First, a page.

Fostering & Adoption One Day Conference

The Complexity of Contact in Today's Society

By Angela Evans

2nd July 2010

This day conference was organised by the Centre for Emotional Development in Brighton.  It was the third annual conference focusing on some of the challenges that we face in fostering and adoption.

The day comprised of four speakers, with each talk followed by small group discussions and feedback to the large group.  This worked very well and enabled each participant to contribute to the day.  Dr. Leslie Ironside, Consultant Child and Adolescent Psychotherapist and Director CfED, spoke first on ‘Keeping Multiple Families in Mind.’   He evoked feelings of empathy in the audience as we heard a child’s perspective on being fostered and thought about Fairbairn’s quotation on the greatest need of a child being to feel genuinely loved by his parents and to know that his parents accept his love, and the frustration of this desire being the greatest trauma a child can experience (1952).  Leslie then introduced us to the ‘dilemmatic space,’ an organisational consultancy term, where there is no obvious right thing to do and there are conflicting pulls, creating a lot of anxiety.  This set the scene for the day, as we considered children who have to keep multiple families in mind.

Leslie gave us three case examples of such children and families.  Through the relating of his work with a teenage mother with three children who had been adopted, Leslie described how hard the mother tries to stay in Klein’s depressive position, to keep thinking and to stay in touch with difficult feelings.  She is ‘raising three children in her mind,’ which was an interesting and moving perspective on keeping multiple families in mind.  We considered how easily systems around children and families fall into paranoid/schizoid positions as they receive strong projections from them.  Leslie emphasised the importance and the challenge of us as workers with complex families maintaining the ability to think, to make decisions and to help children and families to develop internal resources.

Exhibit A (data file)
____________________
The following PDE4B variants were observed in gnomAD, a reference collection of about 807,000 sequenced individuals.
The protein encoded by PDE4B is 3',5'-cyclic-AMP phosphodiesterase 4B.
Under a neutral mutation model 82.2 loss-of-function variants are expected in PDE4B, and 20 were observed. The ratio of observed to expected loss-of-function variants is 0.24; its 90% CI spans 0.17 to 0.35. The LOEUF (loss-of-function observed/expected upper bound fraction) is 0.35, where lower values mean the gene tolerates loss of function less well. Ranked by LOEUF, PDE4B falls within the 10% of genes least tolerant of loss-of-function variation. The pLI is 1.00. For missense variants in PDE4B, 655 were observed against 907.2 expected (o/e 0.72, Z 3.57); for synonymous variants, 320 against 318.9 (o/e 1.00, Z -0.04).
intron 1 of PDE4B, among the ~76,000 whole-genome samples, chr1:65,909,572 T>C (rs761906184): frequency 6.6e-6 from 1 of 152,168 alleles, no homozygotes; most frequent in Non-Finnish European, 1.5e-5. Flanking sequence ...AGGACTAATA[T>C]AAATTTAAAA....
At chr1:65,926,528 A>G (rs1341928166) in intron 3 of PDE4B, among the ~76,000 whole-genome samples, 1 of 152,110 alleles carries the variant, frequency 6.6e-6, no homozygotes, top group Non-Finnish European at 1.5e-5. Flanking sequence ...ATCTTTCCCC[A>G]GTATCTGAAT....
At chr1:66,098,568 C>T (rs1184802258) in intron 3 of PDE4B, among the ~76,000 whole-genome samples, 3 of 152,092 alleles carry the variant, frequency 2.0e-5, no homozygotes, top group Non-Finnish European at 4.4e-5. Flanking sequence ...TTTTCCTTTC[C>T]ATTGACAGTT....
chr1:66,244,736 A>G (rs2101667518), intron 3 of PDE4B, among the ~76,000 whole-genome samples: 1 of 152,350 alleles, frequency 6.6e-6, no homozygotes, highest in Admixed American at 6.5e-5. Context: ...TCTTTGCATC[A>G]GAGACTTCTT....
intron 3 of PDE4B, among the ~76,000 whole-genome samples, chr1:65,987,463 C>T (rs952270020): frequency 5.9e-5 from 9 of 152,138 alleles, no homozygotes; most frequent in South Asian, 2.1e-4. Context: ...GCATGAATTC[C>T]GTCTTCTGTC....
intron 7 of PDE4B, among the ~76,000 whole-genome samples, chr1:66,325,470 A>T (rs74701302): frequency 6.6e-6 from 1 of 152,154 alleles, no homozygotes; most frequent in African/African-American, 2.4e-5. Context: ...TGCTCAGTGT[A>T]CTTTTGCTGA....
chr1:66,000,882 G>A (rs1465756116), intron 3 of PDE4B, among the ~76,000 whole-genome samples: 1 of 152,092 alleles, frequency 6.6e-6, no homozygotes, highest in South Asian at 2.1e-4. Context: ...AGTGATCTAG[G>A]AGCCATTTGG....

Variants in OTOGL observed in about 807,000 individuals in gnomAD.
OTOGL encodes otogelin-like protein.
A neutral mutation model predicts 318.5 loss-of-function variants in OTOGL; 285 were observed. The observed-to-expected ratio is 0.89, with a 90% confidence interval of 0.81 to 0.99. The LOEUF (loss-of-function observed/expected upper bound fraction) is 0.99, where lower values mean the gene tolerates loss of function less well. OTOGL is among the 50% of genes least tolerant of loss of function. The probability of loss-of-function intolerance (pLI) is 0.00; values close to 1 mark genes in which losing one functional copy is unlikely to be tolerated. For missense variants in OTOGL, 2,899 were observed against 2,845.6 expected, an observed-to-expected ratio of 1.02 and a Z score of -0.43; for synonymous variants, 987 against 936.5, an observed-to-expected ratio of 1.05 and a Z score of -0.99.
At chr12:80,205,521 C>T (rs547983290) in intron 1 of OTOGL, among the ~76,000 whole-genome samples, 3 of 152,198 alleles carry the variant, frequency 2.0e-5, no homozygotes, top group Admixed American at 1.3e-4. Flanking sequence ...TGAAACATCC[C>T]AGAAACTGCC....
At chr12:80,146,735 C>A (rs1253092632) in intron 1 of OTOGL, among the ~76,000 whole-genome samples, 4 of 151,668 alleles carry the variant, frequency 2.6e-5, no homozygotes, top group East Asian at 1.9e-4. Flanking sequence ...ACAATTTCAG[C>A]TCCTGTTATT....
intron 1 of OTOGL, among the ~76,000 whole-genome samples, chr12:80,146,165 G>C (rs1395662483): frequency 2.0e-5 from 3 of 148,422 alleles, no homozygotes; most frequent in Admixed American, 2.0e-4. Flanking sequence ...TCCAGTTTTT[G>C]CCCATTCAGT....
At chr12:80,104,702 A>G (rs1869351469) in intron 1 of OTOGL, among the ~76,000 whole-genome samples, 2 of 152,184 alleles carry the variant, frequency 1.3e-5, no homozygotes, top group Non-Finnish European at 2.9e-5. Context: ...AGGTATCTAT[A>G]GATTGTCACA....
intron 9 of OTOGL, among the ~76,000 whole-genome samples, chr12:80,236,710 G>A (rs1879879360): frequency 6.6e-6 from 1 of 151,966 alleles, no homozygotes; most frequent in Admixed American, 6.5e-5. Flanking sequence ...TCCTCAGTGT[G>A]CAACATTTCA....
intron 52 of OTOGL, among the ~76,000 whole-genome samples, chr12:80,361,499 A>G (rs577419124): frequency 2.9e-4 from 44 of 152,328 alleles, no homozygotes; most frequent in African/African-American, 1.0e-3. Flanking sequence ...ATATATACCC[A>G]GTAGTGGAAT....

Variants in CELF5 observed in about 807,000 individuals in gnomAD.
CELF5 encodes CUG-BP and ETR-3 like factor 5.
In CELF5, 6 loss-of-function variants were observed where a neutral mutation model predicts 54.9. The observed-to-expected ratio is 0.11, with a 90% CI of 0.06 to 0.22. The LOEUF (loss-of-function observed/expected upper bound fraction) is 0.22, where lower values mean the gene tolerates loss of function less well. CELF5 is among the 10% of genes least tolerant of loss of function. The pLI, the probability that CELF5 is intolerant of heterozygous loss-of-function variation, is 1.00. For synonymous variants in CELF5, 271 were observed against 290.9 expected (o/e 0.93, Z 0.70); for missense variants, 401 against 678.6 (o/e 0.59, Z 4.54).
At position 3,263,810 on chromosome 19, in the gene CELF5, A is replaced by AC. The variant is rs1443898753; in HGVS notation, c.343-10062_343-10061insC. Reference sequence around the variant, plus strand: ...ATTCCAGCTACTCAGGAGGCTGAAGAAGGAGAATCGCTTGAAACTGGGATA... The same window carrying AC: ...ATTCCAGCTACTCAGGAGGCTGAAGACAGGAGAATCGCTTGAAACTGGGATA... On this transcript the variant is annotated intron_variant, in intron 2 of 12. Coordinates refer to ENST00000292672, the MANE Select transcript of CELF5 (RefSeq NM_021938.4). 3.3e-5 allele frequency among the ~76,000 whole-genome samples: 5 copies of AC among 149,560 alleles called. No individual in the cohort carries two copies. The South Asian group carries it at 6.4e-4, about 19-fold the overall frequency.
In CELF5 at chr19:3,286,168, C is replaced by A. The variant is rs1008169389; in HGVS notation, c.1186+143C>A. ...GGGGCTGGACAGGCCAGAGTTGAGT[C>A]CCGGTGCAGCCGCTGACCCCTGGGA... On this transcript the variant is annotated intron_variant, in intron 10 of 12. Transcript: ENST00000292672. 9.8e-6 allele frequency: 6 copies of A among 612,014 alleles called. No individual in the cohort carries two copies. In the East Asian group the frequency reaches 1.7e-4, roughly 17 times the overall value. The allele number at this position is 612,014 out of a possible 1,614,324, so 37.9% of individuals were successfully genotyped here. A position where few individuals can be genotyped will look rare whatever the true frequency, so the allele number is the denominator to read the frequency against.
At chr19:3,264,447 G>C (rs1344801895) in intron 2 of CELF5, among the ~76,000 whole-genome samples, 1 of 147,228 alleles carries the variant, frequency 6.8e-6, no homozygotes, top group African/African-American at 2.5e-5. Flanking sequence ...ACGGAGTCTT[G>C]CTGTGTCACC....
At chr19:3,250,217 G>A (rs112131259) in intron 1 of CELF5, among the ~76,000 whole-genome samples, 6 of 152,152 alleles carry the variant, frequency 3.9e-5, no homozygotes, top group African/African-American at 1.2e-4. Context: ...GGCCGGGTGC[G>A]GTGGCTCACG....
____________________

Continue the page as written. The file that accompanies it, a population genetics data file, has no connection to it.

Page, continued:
The groups all discussed similar themes: the need for reflective space in our work; the need to thoughtfully support contact with birth parents; a concern about the amount of conflict that children hold in their minds with their multiple families; a need to respect the views of members of each family system.

The second speaker was Lorne Loxterkamp, Consultant Child and Adolescent Psychotherapist.  He spoke on ‘Understanding Contact with Birth Parents: Truth and Meaning.’  We were challenged by Lorne to question the current thinking about contact with birth parents.  He pointed out that apparently good contact could be harmful.  Further, there is no evidence that lack of contact has inevitable negative consequences or that its presence brings benefits (see CfED website for source).  The many arguments that have been made for contact with birth family were questioned closely and alternative arguments were made, which seemed to have as their central motive the concepts of truth and meaning for children.

Lorne argued that the ‘conviction that healthy identity and self-esteem depend on the child having a positive view of birth parents guilty of maltreatment’ leads inevitably to the child thinking that if he is meant to feel positively about these birth parents, then it must in some way be his fault that he was removed from them.  Finally, we were left with the conclusion that contact can be a good thing only if it aims at the truth.

In our group, we discussed the difference between identity and belonging; some adopted adults wish to seek their identity but not to have any sort of ongoing relationship with their birth family.  Also, the topic of how much support birth parents need.